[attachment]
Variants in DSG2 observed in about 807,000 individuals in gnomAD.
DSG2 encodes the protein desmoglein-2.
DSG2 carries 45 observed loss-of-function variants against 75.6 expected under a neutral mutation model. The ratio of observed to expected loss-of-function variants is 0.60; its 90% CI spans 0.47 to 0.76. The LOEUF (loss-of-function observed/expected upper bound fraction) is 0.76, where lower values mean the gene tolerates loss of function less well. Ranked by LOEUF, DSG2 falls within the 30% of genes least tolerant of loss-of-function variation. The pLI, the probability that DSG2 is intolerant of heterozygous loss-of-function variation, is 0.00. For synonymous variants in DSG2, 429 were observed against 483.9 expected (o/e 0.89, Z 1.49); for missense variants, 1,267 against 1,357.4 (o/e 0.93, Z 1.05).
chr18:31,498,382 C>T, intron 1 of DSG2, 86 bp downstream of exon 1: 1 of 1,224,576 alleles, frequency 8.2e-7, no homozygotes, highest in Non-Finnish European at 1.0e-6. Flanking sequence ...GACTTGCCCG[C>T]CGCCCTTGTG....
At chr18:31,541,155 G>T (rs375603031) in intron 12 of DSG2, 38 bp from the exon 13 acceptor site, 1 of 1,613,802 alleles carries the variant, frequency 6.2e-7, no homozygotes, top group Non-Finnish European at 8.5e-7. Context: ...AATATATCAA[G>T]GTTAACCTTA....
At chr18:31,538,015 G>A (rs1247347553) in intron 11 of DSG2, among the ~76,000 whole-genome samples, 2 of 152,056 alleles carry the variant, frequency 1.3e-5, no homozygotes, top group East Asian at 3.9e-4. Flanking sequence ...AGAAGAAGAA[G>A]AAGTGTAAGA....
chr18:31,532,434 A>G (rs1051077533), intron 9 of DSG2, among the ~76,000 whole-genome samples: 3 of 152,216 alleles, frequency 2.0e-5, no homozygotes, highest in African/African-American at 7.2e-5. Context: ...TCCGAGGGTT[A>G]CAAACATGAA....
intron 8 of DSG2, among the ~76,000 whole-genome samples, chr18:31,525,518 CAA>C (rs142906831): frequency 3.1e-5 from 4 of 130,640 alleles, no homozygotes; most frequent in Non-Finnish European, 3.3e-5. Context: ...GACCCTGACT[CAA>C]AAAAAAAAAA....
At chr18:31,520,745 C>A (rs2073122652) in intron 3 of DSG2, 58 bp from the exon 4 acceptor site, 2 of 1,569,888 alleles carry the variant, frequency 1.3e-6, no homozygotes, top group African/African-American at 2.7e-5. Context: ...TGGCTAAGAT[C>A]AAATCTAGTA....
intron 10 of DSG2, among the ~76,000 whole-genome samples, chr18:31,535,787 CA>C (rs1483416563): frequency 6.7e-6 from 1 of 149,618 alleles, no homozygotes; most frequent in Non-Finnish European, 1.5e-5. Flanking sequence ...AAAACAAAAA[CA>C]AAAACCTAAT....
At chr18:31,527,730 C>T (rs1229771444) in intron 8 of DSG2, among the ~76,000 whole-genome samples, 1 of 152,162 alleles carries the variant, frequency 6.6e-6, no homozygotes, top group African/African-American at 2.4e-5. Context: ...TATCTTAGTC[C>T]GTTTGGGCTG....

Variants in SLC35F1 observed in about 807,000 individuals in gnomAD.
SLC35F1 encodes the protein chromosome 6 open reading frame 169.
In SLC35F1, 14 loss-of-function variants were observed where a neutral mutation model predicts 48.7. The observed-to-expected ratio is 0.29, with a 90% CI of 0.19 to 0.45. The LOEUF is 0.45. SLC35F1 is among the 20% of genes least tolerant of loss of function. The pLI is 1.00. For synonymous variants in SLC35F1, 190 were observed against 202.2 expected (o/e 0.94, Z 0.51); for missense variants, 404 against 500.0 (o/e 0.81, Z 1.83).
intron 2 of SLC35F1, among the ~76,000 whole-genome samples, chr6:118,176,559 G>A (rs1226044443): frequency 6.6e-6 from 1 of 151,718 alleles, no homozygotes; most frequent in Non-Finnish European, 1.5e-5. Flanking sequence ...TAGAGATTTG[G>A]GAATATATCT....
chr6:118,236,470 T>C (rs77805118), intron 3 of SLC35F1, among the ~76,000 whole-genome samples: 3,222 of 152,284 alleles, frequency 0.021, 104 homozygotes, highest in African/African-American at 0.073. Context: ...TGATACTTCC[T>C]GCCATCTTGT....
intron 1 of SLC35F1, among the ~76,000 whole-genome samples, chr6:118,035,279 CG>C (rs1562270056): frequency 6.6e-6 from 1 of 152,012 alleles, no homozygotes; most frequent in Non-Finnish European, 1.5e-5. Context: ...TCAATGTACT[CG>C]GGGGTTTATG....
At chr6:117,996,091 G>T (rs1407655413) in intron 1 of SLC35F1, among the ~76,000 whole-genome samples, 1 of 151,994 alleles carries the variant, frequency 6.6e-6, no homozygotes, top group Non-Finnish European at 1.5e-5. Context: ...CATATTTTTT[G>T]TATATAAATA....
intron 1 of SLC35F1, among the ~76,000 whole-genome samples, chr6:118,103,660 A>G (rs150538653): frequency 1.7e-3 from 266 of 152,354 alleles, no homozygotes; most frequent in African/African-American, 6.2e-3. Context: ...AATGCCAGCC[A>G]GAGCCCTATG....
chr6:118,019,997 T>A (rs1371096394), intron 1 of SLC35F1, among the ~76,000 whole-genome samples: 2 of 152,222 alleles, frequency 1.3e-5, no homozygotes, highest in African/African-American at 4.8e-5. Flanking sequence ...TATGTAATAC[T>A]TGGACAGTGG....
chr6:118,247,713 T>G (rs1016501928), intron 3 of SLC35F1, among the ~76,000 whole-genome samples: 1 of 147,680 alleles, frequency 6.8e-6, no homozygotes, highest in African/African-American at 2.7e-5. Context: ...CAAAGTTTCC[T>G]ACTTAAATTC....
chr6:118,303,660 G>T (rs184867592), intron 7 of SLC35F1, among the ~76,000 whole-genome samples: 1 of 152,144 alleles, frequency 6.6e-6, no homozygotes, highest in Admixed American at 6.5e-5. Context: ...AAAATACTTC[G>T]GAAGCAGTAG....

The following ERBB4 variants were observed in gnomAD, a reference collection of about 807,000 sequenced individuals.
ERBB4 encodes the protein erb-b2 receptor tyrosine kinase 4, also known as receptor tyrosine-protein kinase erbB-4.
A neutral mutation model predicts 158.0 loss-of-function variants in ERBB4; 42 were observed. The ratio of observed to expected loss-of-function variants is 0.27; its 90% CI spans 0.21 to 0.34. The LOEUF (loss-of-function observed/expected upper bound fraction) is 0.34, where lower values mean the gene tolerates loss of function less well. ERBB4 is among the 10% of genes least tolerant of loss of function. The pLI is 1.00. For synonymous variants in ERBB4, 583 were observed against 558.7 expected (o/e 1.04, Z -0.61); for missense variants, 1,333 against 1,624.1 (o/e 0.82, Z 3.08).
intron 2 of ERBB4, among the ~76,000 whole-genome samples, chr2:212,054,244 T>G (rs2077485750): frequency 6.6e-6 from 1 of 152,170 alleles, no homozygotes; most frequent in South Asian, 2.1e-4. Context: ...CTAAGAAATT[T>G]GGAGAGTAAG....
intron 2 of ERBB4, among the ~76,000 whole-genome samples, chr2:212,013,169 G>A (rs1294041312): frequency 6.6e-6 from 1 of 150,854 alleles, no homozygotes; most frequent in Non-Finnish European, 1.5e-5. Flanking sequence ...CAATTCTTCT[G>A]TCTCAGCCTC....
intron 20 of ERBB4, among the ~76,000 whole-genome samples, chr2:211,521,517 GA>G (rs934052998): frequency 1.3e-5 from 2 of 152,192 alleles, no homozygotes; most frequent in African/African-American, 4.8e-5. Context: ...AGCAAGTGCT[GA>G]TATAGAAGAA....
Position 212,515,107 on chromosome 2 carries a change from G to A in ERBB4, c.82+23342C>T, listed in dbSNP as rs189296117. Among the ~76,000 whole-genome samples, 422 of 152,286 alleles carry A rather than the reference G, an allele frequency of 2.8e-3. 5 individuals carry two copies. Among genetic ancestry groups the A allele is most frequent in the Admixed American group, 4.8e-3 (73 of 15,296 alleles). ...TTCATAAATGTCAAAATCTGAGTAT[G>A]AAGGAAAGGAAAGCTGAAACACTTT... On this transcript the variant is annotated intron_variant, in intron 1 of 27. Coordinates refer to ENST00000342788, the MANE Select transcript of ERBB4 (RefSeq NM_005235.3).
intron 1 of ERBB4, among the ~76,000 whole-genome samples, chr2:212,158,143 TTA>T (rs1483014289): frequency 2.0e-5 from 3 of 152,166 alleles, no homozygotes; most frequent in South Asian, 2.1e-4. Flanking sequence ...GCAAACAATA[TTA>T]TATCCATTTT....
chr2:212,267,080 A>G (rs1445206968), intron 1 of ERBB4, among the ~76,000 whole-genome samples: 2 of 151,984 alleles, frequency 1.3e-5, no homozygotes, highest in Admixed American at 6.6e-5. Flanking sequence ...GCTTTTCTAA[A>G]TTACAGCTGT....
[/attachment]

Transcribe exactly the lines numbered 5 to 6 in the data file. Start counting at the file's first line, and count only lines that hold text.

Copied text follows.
At chr18:31,541,155 G>T (rs375603031) in intron 12 of DSG2, 38 bp from the exon 13 acceptor site, 1 of 1,613,802 alleles carries the variant, frequency 6.2e-7, no homozygotes, top group Non-Finnish European at 8.5e-7. Context: ...AATATATCAA[G>T]GTTAACCTTA....
At chr18:31,538,015 G>A (rs1247347553) in intron 11 of DSG2, among the ~76,000 whole-genome samples, 2 of 152,056 alleles carry the variant, frequency 1.3e-5, no homozygotes, top group East Asian at 3.9e-4. Flanking sequence ...AGAAGAAGAA[G>A]AAGTGTAAGA....